MRS. OBAMA:  Now, as Mrs. Kenny mentioned, I first experienced that warm feeling about two years ago, when my husband -- you know the guy -- President Obama and I visited this city as well as the lovely village of Moneygall, where my husband’s ancestors come from -- and, again, yay to our students who are here; I got to see them backstage. 

But everywhere we went we were welcomed with huge smiles and open arms -- and lots of rain, which we handled.  (Laughter.)  And when we left, we knew that our girls had to experience all of the warmth and beauty of this place for themselves.  And that’s why -- one of the reasons why we’re here today. 

Earlier today, as you heard, Malia and Sasha and I visited the Long Room at Trinity College.  As you know -- I don’t know if many of you have been there -- it's like Hogwarts, as Sasha pointed out.  (Laughter.)  It's a huge room with shelf after shelf full of books; a beautiful place, and I hope that all of you aspire to go there, if not study there, but just to go and experience what it's like to be surrounded by so much history and so much power.  And the girls had a chance to explore those shelves and trace their Irish lineage, which was a very powerful thing to find out that these girls that were born on the South Side of Chicago can trace their roots back here to Ireland, way back to the 1600s.  That was very powerful for me, as their mother, and hopefully it will be something that they cherish for the rest of their lives.

And now, we couldn’t be more thrilled to see a live performance of Riverdance.  We have never seen Riverdance live.  This is our first time.  How many people here -- their first time seeing it live?  So very cool, right?  Very cool.  

This show has been performed more than 10,000 times.  It’s been seen by more than 23 million people in 45 countries on six different continents.  And with all the dancing and singing and energy, it is such a perfect representation of Ireland itself, so it’s no wonder that it has become such a worldwide phenomenon.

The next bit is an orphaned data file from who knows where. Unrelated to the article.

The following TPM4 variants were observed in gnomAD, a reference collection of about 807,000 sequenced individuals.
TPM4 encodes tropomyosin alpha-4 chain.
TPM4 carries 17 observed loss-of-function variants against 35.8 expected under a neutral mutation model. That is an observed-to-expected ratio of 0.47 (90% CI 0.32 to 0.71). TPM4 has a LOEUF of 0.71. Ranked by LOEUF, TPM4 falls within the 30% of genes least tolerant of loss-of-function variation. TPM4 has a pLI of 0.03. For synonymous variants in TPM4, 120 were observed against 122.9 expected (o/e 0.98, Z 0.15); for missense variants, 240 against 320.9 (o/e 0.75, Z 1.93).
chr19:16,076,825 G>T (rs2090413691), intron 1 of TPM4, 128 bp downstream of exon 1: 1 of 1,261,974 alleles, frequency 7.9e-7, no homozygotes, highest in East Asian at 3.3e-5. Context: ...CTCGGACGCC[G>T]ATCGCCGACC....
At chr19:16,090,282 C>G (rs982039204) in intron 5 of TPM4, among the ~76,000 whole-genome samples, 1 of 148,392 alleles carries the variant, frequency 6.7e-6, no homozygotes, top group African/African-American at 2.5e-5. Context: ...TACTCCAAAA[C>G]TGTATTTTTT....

And there’s a lesson that I hope that all of our young people here today will take away, and that is, here in Ireland, you all are surrounded by such a beautiful country -- and we're going to see some more of that tomorrow.  You are supported by such wonderful families, and such strong communities and traditions.  Those things -- just understand -- don’t ever take those things for granted, because all of that gives you that strong foundation that you are going to need; a foundation that’s going to allow you to become anything that you want to be -- because it really starts with family.

I am here because I came from a strong foundation, all the way in Chicago.  And it has lifted me up -- my family, my community -- to be able to stand here today as First Lady of the United States.  And you all can do the same thing -- whether that’s here in Ireland or anywhere in the world, because you come from such an important and strong community.

So today, what I want you to do when the curtains come up after the performance, I hope that you will not only listen -- have listened to the songs and reveled in the dancing, but I also hope that you begin to allow your imaginations to run free.  And what I mean by that is I want you all to think really big about who you want to be.  I want your imaginations to soar high.  Because right now, that’s the only thing that stops you from doing whatever you want to be.  It's the limit of your thinking.